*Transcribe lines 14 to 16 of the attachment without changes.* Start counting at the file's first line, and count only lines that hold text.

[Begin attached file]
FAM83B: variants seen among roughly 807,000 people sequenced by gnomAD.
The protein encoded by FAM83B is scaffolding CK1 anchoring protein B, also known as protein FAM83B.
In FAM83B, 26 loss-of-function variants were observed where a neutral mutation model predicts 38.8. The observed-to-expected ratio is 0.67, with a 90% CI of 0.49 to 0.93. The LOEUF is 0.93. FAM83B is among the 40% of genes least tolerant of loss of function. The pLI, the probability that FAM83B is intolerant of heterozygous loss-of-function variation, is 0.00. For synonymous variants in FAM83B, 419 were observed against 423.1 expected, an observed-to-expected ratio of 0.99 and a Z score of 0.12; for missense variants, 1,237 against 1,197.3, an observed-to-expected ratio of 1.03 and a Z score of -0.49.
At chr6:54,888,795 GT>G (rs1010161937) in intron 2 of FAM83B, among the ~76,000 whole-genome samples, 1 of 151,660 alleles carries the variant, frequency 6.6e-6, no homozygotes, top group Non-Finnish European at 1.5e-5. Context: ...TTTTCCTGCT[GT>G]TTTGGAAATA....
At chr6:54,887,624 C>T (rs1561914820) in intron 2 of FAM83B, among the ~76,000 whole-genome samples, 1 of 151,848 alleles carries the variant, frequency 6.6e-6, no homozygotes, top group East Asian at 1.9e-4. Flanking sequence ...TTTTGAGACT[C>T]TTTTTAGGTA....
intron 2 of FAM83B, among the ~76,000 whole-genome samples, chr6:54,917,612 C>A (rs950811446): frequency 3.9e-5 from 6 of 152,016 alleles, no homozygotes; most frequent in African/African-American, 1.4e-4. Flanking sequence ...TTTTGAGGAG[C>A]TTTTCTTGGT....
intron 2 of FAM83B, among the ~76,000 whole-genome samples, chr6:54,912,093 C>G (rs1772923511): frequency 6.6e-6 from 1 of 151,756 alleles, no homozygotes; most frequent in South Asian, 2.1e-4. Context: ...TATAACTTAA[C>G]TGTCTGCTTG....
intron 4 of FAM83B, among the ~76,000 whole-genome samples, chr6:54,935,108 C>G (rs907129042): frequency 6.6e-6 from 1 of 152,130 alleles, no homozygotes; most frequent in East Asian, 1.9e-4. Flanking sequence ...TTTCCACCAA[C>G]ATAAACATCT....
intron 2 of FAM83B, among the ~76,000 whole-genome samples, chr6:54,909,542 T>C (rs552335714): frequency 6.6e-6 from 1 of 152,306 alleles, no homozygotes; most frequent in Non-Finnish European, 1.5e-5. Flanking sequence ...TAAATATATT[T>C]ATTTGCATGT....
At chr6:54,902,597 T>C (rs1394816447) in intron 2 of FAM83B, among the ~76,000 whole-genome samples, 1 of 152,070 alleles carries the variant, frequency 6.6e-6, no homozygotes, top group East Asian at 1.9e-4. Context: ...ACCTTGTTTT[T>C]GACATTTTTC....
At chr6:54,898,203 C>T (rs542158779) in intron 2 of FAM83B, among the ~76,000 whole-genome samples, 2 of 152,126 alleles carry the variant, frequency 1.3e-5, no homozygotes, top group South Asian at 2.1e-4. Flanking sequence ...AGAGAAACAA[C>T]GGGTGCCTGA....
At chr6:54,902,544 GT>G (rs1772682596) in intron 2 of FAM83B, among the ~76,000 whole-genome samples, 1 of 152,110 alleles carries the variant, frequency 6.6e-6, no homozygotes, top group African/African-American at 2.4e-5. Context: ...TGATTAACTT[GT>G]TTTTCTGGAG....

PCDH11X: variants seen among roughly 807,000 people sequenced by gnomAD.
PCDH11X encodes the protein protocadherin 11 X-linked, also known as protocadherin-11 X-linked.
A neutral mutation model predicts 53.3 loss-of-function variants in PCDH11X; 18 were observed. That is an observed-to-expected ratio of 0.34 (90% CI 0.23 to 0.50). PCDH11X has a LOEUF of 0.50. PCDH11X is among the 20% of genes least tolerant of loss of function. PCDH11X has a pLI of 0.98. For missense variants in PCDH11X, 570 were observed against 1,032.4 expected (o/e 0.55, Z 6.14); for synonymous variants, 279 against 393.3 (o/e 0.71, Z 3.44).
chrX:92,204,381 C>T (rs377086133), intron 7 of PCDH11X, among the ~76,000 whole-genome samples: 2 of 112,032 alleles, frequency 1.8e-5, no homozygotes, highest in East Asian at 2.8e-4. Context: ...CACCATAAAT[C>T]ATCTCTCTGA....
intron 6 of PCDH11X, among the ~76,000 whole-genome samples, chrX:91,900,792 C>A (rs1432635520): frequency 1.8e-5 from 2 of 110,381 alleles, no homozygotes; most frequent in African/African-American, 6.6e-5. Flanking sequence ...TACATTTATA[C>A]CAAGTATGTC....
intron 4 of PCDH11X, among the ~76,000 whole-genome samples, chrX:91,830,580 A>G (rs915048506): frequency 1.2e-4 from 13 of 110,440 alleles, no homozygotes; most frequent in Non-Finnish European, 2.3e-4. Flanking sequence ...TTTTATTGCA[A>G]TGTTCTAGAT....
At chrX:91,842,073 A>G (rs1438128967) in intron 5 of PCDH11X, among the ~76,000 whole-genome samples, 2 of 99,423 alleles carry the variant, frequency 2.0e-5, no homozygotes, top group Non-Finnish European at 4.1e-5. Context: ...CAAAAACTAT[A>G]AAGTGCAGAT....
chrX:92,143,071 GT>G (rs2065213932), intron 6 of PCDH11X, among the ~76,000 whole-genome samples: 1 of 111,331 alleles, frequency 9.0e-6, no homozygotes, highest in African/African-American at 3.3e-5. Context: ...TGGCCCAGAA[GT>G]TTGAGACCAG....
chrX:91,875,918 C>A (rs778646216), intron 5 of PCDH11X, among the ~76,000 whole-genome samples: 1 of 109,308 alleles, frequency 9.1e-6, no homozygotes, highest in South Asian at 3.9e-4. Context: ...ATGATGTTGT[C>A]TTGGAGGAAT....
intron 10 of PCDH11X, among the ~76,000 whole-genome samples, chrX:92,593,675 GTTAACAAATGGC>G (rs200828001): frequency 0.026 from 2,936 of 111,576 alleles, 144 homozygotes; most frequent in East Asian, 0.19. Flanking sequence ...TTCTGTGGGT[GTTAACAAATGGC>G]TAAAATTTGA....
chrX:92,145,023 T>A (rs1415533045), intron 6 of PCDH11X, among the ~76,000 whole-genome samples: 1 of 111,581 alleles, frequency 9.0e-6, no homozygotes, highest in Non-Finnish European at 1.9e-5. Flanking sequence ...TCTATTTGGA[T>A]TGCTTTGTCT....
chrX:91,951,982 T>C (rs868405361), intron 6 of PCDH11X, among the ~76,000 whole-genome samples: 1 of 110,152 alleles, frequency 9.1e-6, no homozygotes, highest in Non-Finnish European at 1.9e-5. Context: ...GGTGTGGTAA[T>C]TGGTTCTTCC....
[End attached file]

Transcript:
PCDH11X encodes the protein protocadherin 11 X-linked, also known as protocadherin-11 X-linked.
A neutral mutation model predicts 53.3 loss-of-function variants in PCDH11X; 18 were observed. That is an observed-to-expected ratio of 0.34 (90% CI 0.23 to 0.50). PCDH11X has a LOEUF of 0.50. PCDH11X is among the 20% of genes least tolerant of loss of function. PCDH11X has a pLI of 0.98. For missense variants in PCDH11X, 570 were observed against 1,032.4 expected (o/e 0.55, Z 6.14); for synonymous variants, 279 against 393.3 (o/e 0.71, Z 3.44).
chrX:92,204,381 C>T (rs377086133), intron 7 of PCDH11X, among the ~76,000 whole-genome samples: 2 of 112,032 alleles, frequency 1.8e-5, no homozygotes, highest in East Asian at 2.8e-4. Context: ...CACCATAAAT[C>T]ATCTCTCTGA....